I hope you had a warm, cozy, festive Thanksgiving with family and friends, or did something that made the holiday satisfying for you.
Woven in with the joy of family, we had a desperately hard very sad day, and event in our family. The little dog, a Chihuahua, that was the beloved companion of one of my daughters got cancer two years ago, and was cured after an intensive year long course of chemotherapy. She had a year of bouncy good health after that, and in September of this year, was diagnosed with cancer again, this time even more severely, and chemo was started again. This time, she got much sicker, and the chemo took an enormous toll, and after two months she was desperately sick, getting worse, lost a shocking amount of weight (and only started at 4 lbs.), and for the last two weeks could no longer eat. She was wasting away, and her vets advised my daughter that there was no hope of curing or saving her, and the most compassionate thing was to put her to sleep, particularly since she would no longer eat, and her organs were shutting down. It’s a decision we’ve never had to make in the family. We’ve been blessed and all our dogs have died of old age, peacefully, in their sleep. This time, with a dog who should have lived several years longer, and was so much loved by my daughter and all of us, a painful decision had to be made, to spare the dog further suffering.
My children love their dogs passionately, and I am always impressed by what loving, responsible, attentive dog owners they are. Their father loved dogs, as I do, and he insisted when they were very young that they learn to be responsible and care for their dogs. When they were growing up, each child had a dog, and he had two, and eventually I had one—-which meant that at one time, we had eleven dogs. But he taught them well, they are fantastic dog owners to this day, and we’re all dog lovers. My daughter was extraordinary with her sick dog, and took incredible care of her, came home from work several times a day when the dog was sick, sought all the medical help she could get, and was constantly attentive during the first year of chemo, and again in recent months. But sometimes it’s a fight you just can’t win.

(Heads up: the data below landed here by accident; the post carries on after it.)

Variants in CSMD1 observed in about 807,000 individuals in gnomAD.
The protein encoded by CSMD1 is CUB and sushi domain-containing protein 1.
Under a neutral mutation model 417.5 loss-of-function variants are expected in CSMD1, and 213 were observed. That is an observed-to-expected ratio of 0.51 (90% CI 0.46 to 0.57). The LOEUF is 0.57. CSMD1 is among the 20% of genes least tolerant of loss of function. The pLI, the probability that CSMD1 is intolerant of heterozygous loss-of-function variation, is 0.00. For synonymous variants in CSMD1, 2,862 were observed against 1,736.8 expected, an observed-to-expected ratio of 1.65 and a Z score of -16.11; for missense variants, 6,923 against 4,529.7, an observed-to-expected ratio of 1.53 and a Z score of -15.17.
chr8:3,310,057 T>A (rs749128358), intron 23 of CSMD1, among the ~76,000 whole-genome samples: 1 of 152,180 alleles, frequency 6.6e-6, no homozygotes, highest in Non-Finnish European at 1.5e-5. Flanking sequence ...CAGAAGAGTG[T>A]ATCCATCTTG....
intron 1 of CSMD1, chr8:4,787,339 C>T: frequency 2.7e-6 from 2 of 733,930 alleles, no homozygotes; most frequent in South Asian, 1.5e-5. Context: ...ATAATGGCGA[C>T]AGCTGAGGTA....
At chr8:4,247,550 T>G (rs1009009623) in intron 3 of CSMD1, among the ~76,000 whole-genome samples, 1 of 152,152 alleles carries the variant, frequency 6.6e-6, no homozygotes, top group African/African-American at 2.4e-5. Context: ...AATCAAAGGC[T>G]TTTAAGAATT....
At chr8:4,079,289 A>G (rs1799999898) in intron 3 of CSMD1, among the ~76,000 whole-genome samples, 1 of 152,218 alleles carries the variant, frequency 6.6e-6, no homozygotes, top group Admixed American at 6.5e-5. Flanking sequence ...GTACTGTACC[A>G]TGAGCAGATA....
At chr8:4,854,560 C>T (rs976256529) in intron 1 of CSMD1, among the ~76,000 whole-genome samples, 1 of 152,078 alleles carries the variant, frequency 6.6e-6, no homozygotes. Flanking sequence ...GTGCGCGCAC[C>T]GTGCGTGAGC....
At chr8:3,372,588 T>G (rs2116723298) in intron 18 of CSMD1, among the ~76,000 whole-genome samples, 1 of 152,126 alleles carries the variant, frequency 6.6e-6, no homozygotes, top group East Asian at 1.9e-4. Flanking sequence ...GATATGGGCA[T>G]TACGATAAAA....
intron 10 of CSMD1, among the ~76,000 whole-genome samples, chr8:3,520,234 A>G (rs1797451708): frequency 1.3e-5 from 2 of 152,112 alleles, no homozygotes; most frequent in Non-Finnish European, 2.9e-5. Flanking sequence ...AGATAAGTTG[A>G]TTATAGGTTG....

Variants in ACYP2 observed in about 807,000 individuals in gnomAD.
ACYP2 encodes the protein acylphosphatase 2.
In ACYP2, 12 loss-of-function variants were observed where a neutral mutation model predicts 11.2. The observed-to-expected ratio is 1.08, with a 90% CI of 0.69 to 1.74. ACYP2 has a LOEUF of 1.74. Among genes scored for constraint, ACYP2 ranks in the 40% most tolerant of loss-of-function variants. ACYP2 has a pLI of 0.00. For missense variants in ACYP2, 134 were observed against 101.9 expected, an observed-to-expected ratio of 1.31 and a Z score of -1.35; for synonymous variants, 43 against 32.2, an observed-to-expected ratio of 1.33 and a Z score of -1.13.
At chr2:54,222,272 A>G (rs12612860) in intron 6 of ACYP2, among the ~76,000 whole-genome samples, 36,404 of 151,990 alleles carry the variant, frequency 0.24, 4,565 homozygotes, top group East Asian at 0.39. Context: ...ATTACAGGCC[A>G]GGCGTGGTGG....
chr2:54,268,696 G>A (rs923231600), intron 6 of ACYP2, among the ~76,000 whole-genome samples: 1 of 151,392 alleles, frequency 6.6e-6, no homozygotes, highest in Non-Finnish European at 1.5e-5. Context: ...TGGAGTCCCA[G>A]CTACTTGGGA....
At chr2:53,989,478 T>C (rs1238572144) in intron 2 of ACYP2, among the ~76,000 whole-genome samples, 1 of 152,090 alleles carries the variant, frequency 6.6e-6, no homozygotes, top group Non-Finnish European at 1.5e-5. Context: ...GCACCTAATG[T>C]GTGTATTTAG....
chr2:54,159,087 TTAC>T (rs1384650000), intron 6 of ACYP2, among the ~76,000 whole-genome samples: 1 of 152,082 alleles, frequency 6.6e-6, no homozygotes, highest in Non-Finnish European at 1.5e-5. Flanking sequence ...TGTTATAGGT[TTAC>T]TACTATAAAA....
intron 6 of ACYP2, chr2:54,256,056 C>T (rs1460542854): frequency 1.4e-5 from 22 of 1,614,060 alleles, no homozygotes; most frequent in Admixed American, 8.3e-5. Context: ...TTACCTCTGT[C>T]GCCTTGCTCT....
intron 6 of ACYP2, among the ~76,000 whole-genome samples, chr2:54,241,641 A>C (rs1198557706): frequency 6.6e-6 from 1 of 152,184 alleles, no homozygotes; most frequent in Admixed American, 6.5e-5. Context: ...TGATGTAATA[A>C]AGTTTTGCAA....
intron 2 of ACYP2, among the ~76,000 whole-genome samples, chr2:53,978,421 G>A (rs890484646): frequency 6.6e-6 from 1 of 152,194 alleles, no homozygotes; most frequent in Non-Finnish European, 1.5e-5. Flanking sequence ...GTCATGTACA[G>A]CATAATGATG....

I was in Paris when the vets gave my daughter the hardest advice of all, and I flew to New York to be with her. The decision was entirely hers, and such a hard decision. I couldn’t imagine facing that decision, and my heart ached for my daughter. I dropped everything, and ran to be with her. But there was no reprieve for the little dog, the situation was only going to get worse, and very quickly. And in the end, she chose the hardest decision for her, and the most compassionate one for the dog. Another one of my daughters went with her, as I did, and it was a heart wrenching experience, one of the saddest experiences I’ve had, and even harder for my daughter who loved her dog so much. Deciding to put her to sleep was further demonstration of my daughter’s willingness to sacrifice herself for the best solution for the dog. We all loved her dog, and the whole family was sad for both of them, and calling in on the morning we took her to the vet. The three of us (two of my daughters and I) stood and cried rivers, before, during and after the procedure. And for any of you who’ve been through it, you know how hard it is. It was one of the saddest days I’ve ever been through.